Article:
Bailey to play Tasmania's Shield game
George Bailey is intent on proving his worth as a long-form batsman before the Australian squad for the first Ashes Test is named, flying directly to Brisbane in order to take part in Tasmania's Sheffield Shield fixture against Queensland from November 6.
Members of the ODI squad in India were allowed to make their own decision on whether they would be available for the second Shield round, only two days after their return home from the subcontinent. Bailey, however, has chosen to take part in the match against the Bulls and their strong pace attack as the best way of demonstrating his credentials.
Bailey is strongly favoured to be chosen as the sixth batsman in Australia's team for the first Ashes Test in Brisbane, irrespective of how seriously Shane Watson's hamstring turns out to have been damaged by his bowling and batting in a lost cause at Bangalore. Bailey had the option of returning to Hobart for a few days' rest and to not play again until after the Ashes squad had been named on November 12.
But he is aware of not having played first-class matches since a brief county stint with Hampshire early in the English summer, and also that any questions marks around his inclusion are based on a poor domestic record last summer. Runs in Brisbane would silence those doubts.
"I don't think there will be any major challenges with guys getting back into first-class cricket," Bailey said after the Bangalore defeat. "We've all played a lot of cricket in Australia, we know the conditions, we're familiar with what is on offer. But you've just got to try and adjust really quickly.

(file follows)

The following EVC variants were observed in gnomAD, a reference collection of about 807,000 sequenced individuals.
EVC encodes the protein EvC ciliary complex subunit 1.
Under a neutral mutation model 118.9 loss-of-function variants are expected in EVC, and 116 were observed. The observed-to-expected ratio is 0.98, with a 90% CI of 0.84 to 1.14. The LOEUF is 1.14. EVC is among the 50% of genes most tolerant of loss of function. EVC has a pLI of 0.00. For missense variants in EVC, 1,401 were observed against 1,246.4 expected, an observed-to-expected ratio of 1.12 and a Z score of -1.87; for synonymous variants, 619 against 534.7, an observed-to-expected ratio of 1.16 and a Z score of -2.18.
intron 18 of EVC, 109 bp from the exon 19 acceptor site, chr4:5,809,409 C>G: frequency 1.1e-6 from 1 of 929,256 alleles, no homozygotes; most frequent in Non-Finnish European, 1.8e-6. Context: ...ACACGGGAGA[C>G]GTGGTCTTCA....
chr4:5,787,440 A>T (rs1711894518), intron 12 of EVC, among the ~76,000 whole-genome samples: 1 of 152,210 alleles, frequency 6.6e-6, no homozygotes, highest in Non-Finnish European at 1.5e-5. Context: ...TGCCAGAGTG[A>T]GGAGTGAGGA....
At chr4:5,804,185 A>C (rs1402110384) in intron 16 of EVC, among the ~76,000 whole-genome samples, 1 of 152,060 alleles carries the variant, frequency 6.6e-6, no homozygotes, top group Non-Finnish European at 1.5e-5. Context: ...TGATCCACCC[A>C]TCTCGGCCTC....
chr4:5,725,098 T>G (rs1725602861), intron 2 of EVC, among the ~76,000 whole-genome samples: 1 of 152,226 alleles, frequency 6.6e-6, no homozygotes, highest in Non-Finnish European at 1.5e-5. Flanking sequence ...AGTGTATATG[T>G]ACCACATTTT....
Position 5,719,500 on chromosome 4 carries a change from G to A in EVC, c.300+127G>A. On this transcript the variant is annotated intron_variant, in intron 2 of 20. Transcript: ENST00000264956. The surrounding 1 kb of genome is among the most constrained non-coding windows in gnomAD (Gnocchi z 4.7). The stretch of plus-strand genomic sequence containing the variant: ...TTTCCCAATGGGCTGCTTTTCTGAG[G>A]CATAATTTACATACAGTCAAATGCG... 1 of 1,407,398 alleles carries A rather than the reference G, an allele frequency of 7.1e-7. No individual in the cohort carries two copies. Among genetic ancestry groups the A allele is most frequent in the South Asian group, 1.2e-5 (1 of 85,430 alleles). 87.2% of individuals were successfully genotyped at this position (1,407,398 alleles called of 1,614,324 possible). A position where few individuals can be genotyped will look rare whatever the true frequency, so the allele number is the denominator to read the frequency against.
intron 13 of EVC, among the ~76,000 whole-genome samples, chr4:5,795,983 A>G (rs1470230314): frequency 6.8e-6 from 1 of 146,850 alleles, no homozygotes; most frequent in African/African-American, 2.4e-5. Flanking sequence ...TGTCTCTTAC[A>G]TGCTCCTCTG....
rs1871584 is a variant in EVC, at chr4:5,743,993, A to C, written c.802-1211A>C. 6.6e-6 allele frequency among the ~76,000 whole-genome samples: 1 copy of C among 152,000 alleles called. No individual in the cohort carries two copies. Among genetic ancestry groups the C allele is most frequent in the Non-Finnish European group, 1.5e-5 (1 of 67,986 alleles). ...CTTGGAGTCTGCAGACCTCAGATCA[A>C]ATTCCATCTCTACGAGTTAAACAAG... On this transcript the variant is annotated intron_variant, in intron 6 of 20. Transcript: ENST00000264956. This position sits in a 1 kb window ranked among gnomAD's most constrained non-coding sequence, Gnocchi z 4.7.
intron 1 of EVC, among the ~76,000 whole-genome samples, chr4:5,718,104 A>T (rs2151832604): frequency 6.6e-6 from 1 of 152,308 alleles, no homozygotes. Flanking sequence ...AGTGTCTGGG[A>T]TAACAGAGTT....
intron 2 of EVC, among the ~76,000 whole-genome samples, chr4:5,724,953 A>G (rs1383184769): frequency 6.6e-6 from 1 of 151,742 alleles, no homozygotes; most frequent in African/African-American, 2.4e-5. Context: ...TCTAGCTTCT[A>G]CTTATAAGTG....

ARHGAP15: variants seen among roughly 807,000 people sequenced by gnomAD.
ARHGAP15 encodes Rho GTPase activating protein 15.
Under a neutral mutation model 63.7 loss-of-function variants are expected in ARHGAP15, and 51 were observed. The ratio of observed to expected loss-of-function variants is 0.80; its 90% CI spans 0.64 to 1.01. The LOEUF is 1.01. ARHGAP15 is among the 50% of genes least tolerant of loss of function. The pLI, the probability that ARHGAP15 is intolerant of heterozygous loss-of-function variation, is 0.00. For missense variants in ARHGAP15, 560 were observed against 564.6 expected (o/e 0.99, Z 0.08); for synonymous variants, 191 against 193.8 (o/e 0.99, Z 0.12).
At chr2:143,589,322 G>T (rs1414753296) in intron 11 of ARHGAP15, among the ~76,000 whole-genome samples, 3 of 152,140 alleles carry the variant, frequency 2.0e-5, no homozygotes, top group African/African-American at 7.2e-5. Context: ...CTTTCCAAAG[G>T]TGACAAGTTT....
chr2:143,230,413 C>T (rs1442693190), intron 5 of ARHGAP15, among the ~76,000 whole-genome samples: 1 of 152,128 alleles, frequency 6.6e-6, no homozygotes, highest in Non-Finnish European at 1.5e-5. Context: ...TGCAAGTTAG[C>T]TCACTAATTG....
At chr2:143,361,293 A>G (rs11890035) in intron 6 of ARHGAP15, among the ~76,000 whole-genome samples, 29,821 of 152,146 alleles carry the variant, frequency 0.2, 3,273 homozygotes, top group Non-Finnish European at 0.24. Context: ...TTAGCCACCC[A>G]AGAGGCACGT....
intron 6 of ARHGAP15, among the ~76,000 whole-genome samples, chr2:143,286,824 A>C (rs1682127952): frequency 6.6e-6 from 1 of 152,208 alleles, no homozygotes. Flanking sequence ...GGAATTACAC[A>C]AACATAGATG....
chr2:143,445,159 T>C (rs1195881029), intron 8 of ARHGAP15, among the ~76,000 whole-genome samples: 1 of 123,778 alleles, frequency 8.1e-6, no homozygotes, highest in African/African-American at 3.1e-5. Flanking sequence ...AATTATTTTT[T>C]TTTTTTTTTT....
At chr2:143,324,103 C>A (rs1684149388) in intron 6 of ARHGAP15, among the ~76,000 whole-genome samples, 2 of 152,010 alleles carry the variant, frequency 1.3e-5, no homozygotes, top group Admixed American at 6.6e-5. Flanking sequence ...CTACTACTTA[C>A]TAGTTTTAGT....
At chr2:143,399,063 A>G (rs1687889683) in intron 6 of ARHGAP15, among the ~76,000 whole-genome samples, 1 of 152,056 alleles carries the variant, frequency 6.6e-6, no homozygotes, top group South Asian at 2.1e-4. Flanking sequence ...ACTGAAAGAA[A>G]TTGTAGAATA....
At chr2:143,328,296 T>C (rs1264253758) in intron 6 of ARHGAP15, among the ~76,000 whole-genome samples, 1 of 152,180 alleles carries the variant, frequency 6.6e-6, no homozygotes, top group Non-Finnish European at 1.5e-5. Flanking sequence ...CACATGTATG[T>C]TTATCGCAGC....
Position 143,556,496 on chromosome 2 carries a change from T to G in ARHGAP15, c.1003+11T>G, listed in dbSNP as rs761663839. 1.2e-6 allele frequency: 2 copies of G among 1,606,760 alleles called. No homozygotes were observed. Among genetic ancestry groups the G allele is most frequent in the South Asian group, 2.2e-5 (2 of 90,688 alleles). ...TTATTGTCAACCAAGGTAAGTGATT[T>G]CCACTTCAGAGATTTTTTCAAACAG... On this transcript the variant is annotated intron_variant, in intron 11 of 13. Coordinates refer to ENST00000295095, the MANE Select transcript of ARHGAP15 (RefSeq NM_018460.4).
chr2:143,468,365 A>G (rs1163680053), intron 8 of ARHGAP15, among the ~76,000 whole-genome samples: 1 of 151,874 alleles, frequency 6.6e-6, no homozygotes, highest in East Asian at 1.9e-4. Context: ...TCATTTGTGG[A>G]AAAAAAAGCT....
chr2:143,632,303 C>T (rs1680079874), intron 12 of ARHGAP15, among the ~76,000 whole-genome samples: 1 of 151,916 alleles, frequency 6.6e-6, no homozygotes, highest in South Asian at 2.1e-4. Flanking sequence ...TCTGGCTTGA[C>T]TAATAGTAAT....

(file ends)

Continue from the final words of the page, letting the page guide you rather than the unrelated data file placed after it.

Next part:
"Obviously the format is different and the red ball offers different challenges. It's not going to be a surprise to us, but it's just about taking back the same sort of mindset. Certainly what I've been training for in the nets and working with Diva [Michael DiVenuto, batting coach] is not to be too different from one-day to four-day cricket, so hopefully that transpires."
Over the weekend, Bailey was the subject of numerous glowing features in the Australian press, declaring his status as Australia's man of the hour and a welcome level head to add to a batting line-up that changed constantly during the earlier Ashes bout in England. However the former captain Ian Chappell, who alongside Shane Warne has been a longtime critic, offered a contrary view in his Sunday column, asking the national selectors to see beyond the hype around Bailey and look elsewhere.
"A selector has to look past the number of runs and see the batsmanship," Chappell wrote in Sydney's Sunday Telegraph. "Bailey, despite his mountain of runs in one-day cricket, is a batsman who's restricted through the cover region, can be stifled by good spinners and is troubled by well-directed short-pitched bowling. His moderate first-class record and those limitations are not a good template for a Test batsman.
"Facing a quality England attack on bouncy Australian pitches is a far cry from what Bailey has been relishing in India. Batting on pitches that bowlers find as helpful as a Parisian asked for directions in English and against an Indian attack more benevolent than the Bill Gates Foundation, has little bearing on what's looming at the Gabba and beyond.
"There's also a chasm of difference between batting against a pedestrian attack hoping to contain and top-class bowling predators seeking wickets with field placings to reflect those widely varying approaches. The Australian selectors have to ignore the clamouring from a Board and a public that are desperate for victory over England and choose a combination that gives the side their best chance of winning."
With another Tasmanian Test aspirant Alex Doolan seconded to play for Australia A against the Englishmen in Hobart, Bailey may find himself batting higher than his customary middle-order post for the Tigers.
Daniel Brettig is an assistant editor at ESPNcricinfo. He tweets here